In March, Senator Bob Casey published a letter urging the DEA to issue a ban on bath salts.
“A series of recent crimes and violent attacks by individuals using “bath salts” have shown that these drugs pose an imminent threat to public safety. According to the American Association of Poison Control Centers, U.S Poison Centers have taken 1,196 calls regarding “bath salts” already this year, up from 298 calls in 2010. Police in Scranton, Pennsylvania report that bath salts first appeared in the area in December. Since that time incidents related to “bath salts” requiring police response have increased rapidly. In one high profile case, a man using “bath salts” allegedly entered a monastery and stabbed a priest. Because “bath salts” pose a clear threat to public health, I urge you to exercise DEA’s emergency authority under the Comprehensive Crime Control Act of 1984 to place MDPV and mephedrone in Schedule I of the Controlled Substances Act for up to one year,” Casey wrote.
Crime related to abuse of bath salts is also on the rise throughout Pennsylvania.
Clinton County District Attorney Michael Salisbury is in favor of the ban. He is among several who attempted to introduce a temporary local ban on the sale of bath salts.
“I am saddened by what I am seeing. We had a high-speed chase on Interstate 80 that eventually involved dozens of officers and led to the injury of one officer, along with risking the lives of many others and the public,” Salisbury said about the effects of bath salts on crime in his area.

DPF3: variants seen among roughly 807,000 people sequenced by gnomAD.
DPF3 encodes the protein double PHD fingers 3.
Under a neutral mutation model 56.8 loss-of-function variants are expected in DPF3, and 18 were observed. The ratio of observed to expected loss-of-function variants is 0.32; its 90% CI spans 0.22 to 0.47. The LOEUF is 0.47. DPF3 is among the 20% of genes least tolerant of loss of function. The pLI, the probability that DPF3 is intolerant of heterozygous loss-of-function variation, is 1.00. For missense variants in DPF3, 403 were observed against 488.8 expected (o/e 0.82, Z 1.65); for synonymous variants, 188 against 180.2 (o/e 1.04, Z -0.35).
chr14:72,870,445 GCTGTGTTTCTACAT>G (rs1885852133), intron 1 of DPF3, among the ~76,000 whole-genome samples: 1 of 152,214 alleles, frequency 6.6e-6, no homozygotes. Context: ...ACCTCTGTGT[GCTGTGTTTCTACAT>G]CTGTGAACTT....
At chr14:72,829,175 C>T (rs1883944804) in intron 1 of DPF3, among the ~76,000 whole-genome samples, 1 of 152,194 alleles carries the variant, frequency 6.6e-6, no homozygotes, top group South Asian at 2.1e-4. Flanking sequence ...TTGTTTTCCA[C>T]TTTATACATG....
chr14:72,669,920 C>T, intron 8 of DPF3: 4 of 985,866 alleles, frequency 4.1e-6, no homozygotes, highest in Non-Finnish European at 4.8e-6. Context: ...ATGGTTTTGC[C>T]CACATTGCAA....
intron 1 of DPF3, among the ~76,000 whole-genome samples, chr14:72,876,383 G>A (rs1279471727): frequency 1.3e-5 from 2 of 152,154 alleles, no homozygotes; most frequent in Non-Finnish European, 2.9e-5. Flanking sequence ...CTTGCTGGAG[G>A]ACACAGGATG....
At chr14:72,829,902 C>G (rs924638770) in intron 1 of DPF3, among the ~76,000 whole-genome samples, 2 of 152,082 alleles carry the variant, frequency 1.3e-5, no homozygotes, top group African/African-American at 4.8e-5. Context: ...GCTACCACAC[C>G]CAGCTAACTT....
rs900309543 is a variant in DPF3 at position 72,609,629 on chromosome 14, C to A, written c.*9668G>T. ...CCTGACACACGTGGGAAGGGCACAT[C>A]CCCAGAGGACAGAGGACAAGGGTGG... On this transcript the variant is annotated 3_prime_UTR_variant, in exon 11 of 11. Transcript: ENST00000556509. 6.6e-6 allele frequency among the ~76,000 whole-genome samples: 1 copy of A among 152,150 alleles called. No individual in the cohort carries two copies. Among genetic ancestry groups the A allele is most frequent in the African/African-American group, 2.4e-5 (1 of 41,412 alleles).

Lancaster County has also seen its fair share of bath salt related crime. A noteable incident reported was a man suffering from paranoia induced hallucinations running into shops on a main strip shouting that someone was trying to kill him.
Blair County has seen one death so far this year as a result of bath salts. “People are jumping off the roofs of houses in Altoona [after using bath salts],” said Blair County Judge Jolene Kopriva.
Blair County has also been affected by several violent crimes as a result of bath salt use. In June, a man committed a robbery at knife point in Altoona, PA. The man called a taxi cab, pulled a kitchen knife on the driver, and robbed him. The man said he did it because he was addicted to bath salts.
In Huntingdon, PA a conflict involving bath salts escalated into a shoot out. Over fifty shots were fired during the altercation.